I am often amazed at the shear number of people who either A) Are not capable of unconditional love, B) Don’t really know what that means, or C) Don’t apply it to themselves (calling myself out here).

Even as a small child, the overall concept just resonated with me. I was a lover, full of cuddles and hugs. It also meant I was extremely sensitive. I didn’t do well with feeling like I disappointed anyone, especially those I loved so dearly. To be honest, I never did grow out of that. To this day, my single biggest fear in life is disappointing people I care about. I hate letting others down.

Normally, people can agree that this trait is favorable, as it implies I am more than well-versed in unconditional love. I will always go above and beyond for the people that I value. I will always put other’s first, even if it means sacrificing my own happiness. There aren’t many people in this world who love like this. I used to resent so many for it, but nowadays, I understand.

As the years passed by, I began to realize how detrimental that has been to my own self-love and well-being. I now understand why people are selfish. I get why they don’t want to go the extra mile for others. Has this stopped me? Not a chance.

Widowhood brings an entirely new perspective to unconditional love. When you truly fulfill those wedding vows (til death do us part), there is this strange sense of pride. So many people have broken relationships, separations, and divorces, but my marriage with my late husband did not fail. It was unconditional love, long before he took his last breath. He was the incredible soul that matched my level of love for others, and he never let me feel unworthy. We would’ve done anything for each other, and there was nothing that could’ve stopped that kind of love.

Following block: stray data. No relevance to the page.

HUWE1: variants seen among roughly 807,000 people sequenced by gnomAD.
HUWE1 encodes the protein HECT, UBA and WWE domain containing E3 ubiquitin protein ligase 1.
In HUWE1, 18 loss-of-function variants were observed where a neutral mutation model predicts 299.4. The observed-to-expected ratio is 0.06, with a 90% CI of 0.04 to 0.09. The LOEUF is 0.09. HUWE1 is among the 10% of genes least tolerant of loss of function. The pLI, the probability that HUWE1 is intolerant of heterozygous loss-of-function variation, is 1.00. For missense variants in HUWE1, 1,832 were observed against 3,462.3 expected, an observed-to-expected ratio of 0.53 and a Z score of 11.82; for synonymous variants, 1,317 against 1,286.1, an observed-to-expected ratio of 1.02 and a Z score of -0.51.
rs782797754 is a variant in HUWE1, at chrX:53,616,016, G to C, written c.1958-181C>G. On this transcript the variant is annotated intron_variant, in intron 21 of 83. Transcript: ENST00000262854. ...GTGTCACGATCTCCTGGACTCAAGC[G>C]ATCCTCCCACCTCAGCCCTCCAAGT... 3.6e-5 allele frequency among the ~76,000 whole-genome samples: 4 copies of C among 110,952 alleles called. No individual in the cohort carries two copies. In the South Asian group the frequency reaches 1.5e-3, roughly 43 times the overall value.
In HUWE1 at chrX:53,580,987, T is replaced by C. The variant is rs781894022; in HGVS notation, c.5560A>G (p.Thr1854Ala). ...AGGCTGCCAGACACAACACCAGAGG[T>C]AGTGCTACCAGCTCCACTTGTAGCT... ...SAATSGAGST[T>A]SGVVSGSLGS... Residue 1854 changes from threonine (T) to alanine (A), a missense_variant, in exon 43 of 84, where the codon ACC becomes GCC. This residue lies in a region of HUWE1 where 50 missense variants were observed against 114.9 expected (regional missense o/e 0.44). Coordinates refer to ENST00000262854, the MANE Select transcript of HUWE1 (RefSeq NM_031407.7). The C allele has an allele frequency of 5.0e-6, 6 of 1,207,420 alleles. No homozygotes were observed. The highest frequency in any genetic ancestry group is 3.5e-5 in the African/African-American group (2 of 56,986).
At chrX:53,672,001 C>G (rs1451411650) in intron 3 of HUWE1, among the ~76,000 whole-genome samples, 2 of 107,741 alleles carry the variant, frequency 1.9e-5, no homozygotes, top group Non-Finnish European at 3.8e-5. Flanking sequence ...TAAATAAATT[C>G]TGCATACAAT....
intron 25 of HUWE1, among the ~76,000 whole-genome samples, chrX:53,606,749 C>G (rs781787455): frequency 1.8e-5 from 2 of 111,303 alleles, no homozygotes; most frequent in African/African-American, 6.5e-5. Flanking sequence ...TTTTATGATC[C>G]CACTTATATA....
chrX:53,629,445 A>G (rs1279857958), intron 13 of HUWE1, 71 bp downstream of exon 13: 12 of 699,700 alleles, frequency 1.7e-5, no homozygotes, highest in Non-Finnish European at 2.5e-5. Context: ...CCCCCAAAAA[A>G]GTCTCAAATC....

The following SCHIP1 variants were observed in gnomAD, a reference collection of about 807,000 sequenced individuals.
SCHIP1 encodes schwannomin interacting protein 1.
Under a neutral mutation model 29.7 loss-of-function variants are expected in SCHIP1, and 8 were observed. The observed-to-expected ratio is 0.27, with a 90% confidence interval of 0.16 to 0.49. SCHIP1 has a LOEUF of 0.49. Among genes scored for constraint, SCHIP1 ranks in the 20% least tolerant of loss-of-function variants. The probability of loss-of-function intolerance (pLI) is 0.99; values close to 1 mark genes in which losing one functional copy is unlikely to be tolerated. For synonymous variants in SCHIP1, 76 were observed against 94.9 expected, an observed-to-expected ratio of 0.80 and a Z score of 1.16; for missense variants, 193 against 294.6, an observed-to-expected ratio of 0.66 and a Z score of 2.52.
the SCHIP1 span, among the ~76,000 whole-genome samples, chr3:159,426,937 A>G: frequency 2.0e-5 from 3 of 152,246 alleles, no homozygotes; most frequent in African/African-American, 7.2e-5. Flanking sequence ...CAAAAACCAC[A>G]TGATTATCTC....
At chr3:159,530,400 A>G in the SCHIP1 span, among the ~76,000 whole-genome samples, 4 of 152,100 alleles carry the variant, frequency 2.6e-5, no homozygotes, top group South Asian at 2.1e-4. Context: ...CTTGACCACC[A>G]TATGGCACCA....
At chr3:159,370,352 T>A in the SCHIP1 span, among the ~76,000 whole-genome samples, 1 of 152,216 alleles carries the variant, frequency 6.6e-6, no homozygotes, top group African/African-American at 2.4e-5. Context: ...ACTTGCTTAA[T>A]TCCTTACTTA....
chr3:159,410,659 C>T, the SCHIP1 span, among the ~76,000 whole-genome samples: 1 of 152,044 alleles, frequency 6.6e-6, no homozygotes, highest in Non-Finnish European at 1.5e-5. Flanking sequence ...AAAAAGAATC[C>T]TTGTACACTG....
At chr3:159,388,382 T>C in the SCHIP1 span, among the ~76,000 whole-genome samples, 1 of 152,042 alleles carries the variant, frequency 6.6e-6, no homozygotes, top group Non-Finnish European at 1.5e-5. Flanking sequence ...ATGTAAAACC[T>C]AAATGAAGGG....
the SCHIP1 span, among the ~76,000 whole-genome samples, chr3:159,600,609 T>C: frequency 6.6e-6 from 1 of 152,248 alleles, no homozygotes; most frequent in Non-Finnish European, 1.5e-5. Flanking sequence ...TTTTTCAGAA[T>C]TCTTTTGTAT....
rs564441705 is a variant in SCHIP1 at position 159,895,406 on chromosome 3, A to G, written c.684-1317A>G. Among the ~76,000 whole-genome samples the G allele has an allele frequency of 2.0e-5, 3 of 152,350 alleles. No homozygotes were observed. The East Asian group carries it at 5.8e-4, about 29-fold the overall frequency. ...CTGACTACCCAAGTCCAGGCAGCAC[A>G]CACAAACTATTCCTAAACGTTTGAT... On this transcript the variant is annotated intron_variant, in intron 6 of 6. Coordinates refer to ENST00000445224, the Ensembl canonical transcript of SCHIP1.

But as more time went on, new memories were made, new chapters began, and I finally fully understood that I still hadn’t mastered the entirety of unconditional love. I still couldn’t put myself on the same pedestal that I reserved for those I love so wholly. I still wasn’t enough for my own standards of unconditional love, and while I know I will probably spend the rest of my life trying to correct this, I will always wonder how widowhood made this so much more difficult.

Grief is loaded with more emotions than I can list, but the few that have personally struck me with brute force are sadness, shame, guilt, and envy. These are the main conditions that prevent me from loving myself unconditionally, and they are amplified with every passing milestone and anniversary. When you love others so deeply, experiencing these events without your person just seems so painfully bittersweet. How can you truly embrace any joy when they cannot be right beside you? How can you feel whole and worthy of unconditional love when your person is not there to celebrate you?

Admittedly, this post is a bit more somber than my usual, empowering outlook. As I approach the 2 year marker without Luke, I am left riding more grief waves than ever. I will always be my own biggest advocate for healing, but I can only hope that one day, I can master the art of unconditionally loving myself…scars and all.

Here’s to hope.